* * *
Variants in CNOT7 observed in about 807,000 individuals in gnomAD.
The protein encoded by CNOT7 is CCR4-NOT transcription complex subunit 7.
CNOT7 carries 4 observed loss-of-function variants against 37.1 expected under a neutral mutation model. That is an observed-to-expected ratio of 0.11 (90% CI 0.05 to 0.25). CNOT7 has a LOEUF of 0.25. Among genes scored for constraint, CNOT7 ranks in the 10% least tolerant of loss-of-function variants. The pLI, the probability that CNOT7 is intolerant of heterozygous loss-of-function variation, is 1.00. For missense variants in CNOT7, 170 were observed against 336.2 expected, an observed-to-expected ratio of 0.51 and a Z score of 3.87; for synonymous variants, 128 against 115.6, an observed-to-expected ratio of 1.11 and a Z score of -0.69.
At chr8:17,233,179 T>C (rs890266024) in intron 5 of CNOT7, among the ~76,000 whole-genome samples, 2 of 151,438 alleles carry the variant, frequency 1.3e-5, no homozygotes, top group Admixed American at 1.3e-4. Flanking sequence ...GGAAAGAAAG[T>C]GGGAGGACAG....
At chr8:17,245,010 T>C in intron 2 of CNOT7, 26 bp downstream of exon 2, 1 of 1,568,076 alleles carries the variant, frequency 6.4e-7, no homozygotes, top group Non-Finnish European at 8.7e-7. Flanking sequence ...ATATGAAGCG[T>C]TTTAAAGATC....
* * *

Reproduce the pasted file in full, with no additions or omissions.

Variants in CNOT7 observed in about 807,000 individuals in gnomAD.
The protein encoded by CNOT7 is CCR4-NOT transcription complex subunit 7.
CNOT7 carries 4 observed loss-of-function variants against 37.1 expected under a neutral mutation model. That is an observed-to-expected ratio of 0.11 (90% CI 0.05 to 0.25). CNOT7 has a LOEUF of 0.25. Among genes scored for constraint, CNOT7 ranks in the 10% least tolerant of loss-of-function variants. The pLI, the probability that CNOT7 is intolerant of heterozygous loss-of-function variation, is 1.00. For missense variants in CNOT7, 170 were observed against 336.2 expected, an observed-to-expected ratio of 0.51 and a Z score of 3.87; for synonymous variants, 128 against 115.6, an observed-to-expected ratio of 1.11 and a Z score of -0.69.
At chr8:17,233,179 T>C (rs890266024) in intron 5 of CNOT7, among the ~76,000 whole-genome samples, 2 of 151,438 alleles carry the variant, frequency 1.3e-5, no homozygotes, top group Admixed American at 1.3e-4. Flanking sequence ...GGAAAGAAAG[T>C]GGGAGGACAG....
At chr8:17,245,010 T>C in intron 2 of CNOT7, 26 bp downstream of exon 2, 1 of 1,568,076 alleles carries the variant, frequency 6.4e-7, no homozygotes, top group Non-Finnish European at 8.7e-7. Flanking sequence ...ATATGAAGCG[T>C]TTTAAAGATC....